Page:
Plans to “reform the Portuguese political system and electoral laws”, a mixture of right and left-wing policies and a choice to not seek support from any political parties are the cornerstones of the presidential candidature of 78-year-old Henrique Neto – the first official presidential candidate for the 2016 elections.
Neto, a successful businessman who acted as MP for the Socialist Party (PS) in the 90s, officially presented his bid for presidency on Wednesday (March 26) at Padrão dos Descobrimentos in Lisbon.
Speaking to a small audience, the candidate said he is “saddened” by the state of the country and its “undemocratic way of functioning” and will soon present his “clear, strategic vision” with “innovative solutions”.
In his 21-minute speech, he explained how he wants to “end the current model in which MPs, the representatives of the people, are elected by political parties and mean nothing to most of the Portuguese that elected them”.
Although the Portuguese Constitution only allows Parliament to make such changes, the founder of the hugely-successful mould engineering company Iberomoldes believes the changes can be achieved with “wisdom, permanent contact with different sectors of the Portuguese society and also some imagination and creativity”.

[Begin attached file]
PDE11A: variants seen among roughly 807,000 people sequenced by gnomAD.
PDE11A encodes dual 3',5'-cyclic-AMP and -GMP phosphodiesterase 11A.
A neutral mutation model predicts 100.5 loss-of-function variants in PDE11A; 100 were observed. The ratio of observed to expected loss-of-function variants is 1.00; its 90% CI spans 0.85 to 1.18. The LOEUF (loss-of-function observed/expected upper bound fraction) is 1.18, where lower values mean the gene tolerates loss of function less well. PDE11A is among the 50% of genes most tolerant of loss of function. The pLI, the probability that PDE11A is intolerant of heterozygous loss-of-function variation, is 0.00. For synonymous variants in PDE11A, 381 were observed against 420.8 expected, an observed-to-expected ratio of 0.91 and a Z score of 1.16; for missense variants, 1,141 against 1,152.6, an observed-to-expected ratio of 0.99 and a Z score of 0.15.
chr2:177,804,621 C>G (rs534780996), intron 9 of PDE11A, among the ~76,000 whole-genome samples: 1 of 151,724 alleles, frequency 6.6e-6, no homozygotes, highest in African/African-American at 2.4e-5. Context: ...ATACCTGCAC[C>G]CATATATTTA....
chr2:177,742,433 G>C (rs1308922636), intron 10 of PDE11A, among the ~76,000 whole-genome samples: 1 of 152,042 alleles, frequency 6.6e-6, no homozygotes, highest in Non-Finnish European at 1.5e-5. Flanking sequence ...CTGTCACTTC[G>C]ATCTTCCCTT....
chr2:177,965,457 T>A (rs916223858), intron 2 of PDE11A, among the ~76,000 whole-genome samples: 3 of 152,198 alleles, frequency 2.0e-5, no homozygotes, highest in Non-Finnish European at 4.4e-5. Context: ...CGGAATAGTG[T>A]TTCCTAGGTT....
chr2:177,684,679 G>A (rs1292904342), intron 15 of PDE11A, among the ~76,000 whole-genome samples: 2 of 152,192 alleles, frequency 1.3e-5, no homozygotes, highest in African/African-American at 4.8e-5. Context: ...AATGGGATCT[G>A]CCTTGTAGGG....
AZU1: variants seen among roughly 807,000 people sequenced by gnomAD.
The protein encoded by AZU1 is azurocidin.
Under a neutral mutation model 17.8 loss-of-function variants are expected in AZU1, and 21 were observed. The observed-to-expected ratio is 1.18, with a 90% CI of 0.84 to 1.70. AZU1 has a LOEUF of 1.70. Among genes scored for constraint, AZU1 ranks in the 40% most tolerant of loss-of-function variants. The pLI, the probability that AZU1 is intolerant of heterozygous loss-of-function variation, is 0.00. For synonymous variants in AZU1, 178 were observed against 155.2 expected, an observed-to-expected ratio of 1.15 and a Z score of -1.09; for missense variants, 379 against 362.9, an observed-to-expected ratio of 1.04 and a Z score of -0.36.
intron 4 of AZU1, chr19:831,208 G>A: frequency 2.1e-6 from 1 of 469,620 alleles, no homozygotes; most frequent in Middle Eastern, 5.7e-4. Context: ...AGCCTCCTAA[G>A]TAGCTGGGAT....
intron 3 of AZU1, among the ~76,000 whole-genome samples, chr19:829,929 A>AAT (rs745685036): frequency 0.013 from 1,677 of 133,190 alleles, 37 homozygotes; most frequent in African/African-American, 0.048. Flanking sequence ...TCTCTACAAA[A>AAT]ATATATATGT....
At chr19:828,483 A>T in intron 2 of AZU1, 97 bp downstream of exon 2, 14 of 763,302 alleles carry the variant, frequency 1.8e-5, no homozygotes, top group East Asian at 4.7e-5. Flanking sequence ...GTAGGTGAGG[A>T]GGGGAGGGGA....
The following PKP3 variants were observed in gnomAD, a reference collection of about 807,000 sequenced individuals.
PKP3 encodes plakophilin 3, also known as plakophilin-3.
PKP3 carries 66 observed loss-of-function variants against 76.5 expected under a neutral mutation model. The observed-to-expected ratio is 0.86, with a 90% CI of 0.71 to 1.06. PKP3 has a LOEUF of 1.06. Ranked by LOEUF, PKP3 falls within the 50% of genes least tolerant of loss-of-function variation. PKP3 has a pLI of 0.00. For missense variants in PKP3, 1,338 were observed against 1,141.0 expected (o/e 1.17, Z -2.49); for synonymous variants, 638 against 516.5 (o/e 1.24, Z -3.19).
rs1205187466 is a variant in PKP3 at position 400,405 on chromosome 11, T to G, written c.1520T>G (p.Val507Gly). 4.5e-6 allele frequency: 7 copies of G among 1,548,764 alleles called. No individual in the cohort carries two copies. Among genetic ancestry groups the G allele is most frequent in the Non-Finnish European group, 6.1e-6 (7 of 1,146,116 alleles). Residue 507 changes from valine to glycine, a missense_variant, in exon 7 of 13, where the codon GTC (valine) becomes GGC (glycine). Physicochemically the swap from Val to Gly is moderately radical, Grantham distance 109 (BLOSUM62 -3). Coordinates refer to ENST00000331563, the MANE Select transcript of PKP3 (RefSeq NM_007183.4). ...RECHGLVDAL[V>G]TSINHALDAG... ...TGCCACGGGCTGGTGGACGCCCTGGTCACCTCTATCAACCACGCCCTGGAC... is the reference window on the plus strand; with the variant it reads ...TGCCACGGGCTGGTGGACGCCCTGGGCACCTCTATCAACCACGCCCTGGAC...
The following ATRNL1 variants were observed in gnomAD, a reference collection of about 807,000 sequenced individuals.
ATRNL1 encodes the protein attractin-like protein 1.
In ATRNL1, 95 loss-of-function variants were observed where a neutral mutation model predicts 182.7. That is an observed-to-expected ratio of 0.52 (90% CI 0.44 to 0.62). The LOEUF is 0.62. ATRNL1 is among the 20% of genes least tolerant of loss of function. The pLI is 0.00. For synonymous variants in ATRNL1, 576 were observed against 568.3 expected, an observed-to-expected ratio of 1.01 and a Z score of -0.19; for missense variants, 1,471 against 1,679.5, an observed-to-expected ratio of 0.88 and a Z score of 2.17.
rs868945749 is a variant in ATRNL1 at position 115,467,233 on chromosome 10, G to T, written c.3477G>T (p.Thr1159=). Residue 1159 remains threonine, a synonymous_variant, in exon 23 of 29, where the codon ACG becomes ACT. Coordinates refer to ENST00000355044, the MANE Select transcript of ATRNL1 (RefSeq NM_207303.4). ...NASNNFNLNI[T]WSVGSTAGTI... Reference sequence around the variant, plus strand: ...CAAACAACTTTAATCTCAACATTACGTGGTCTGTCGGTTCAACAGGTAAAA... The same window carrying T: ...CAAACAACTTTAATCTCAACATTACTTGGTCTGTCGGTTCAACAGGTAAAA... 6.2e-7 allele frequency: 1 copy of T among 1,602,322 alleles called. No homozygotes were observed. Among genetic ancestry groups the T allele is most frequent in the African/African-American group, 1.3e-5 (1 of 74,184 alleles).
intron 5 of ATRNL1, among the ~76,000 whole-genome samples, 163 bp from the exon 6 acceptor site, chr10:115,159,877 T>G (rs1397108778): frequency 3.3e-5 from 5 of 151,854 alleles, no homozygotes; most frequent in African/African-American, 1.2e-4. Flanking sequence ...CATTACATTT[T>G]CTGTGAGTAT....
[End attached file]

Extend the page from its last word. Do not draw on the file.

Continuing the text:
It is this kind of “creativity” that he plans to extend to his policies.
“Portugal has problems that need left-wing solutions, but others that need right-wing solutions,” the candidate stated, adding that his campaign will present ideals from both sides of the political spectrum.
He stressed that his candidature is not supported by any political party and thus won’t have to worry about garnering more or less support.
Henrique Neto is the first official candidate of Portugal’s 2016 presidential elections.
Much has been said about those who may be running, such as political commentator Marcelo Rebelo de Sousa and Socialist poet Manuel Alegre, but for now Neto remains as the only candidate.
Photo: MANUEL DE ALMEIDA/LUSA
Caption: Henrique Neto is a former MP for the Socialist party PS